Last night's debate between presidential hopefuls Hillary Clinton and Donald Trump was predicted to be one of the most-watched debates in history. It ended up pulling in close to 50 million viewers, up 20 percent from 2012's debates.
Donald looked really bad after Clinton went after him for not releasing his tax returns.
"There is something he is hiding," said Clinton. "Or maybe he doesn't want the American people, all of you watching tonight, to know that he's paid nothing in federal taxes, because the only years that anybody's ever seen were a couple of years when he had to turn them over to state authorities when he was trying to get a casino license, and they showed he didn't pay any federal income tax."
Trump was not only perceived as the loser of the debate, but he also broke the rules, not unlike other debates in his past. He had to be reined in multiple times after interrupting Clinton during her allotted two-minute responses. He also peppered in jabs and repetitions of the word "wrong" while she was speaking, which ended up making him look bad.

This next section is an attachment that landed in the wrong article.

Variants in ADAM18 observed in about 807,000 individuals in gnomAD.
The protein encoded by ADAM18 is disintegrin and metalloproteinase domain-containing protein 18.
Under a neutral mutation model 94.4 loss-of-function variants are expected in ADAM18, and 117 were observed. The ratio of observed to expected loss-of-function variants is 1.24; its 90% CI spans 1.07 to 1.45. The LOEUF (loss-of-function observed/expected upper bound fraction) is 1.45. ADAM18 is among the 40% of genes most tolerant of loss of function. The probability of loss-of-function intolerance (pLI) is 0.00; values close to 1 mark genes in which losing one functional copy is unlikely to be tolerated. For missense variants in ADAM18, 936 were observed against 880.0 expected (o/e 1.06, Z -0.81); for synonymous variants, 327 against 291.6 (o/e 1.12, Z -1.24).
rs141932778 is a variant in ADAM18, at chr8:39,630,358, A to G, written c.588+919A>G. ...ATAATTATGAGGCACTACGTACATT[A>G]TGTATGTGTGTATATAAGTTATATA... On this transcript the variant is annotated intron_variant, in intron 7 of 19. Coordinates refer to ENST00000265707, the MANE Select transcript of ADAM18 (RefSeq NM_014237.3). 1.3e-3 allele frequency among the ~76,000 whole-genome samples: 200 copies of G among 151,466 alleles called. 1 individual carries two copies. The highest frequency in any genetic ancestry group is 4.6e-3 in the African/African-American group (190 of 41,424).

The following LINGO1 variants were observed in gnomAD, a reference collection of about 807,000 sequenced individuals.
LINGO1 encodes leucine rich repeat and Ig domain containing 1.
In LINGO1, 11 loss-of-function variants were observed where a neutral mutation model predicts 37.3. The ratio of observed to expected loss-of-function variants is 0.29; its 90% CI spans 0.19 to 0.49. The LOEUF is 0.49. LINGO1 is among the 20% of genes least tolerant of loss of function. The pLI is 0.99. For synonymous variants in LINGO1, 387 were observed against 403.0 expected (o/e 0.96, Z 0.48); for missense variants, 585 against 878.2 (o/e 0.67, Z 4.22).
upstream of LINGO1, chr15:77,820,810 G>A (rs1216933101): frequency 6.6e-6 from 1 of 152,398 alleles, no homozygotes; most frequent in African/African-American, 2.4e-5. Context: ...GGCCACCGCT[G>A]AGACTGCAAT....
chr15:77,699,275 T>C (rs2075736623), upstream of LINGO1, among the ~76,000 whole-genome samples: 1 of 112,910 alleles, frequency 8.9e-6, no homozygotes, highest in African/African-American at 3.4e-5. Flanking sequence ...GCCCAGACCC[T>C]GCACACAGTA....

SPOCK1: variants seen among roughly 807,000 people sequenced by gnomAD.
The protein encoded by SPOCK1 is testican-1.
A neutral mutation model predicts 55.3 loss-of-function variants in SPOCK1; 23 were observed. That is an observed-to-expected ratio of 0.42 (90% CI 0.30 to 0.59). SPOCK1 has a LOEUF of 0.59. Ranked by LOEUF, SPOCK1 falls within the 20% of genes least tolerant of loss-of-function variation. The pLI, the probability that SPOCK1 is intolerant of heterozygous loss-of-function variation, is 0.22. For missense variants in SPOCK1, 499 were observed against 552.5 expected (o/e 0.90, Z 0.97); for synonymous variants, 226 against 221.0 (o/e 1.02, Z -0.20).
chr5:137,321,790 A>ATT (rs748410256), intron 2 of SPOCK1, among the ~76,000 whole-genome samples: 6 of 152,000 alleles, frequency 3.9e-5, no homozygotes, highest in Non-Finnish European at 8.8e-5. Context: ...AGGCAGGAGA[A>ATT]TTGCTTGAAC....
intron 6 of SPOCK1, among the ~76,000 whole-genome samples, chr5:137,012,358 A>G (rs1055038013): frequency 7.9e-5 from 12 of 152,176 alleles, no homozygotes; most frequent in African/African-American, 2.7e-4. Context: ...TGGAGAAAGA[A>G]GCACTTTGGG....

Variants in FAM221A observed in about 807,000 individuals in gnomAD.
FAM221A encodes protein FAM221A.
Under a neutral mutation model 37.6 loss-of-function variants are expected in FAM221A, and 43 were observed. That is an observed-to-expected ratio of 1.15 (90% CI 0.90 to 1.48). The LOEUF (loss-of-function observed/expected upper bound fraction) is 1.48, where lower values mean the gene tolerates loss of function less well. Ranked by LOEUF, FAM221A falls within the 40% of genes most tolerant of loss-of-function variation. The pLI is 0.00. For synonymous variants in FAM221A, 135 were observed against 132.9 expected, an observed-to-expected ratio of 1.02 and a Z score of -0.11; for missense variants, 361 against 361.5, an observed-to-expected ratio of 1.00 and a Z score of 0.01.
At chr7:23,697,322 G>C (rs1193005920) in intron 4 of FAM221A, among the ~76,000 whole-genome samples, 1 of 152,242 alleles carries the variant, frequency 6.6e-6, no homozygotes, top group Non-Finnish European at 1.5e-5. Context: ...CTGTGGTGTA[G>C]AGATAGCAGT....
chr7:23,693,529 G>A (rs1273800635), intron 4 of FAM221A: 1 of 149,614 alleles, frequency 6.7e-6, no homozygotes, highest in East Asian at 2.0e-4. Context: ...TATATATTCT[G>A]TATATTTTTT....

By now, many Americans are aware of the income inequality that our country faces. Trump's "trickle down" economic plan, where those at the top are given tax breaks in the hopes they will create jobs for those at the bottom, made him sound out of touch with the American people and their needs.
One of Clinton's long-standing jabs against Trump is his temperament and inability to hold back. "A man you can bait with a tweet is not a man we can trust with nuclear weapons," said Clinton via Twitter. Donald proved this time and time again during last night's debate. At one point, the businessman claimed that Hillary Clinton had been fighting ISIS for thirty years...which is impossible.
Something was brought to light in last night's debate that hasn't been a mainstream topic so far in this election: Trump is notorious for stiffing people he contracts to work for him. Architects, painters and other employees all have this claim. What's worse, though, is that Trump also benefitted off of the housing crash in 2008, boasting, "That’s called business, by the way."
Clinton didn't go unscathed. She was caught in a couple of lies and looked bad defending her position on TPP. However, when she was pressed about her email scandal, she accepted blame and gave an apology.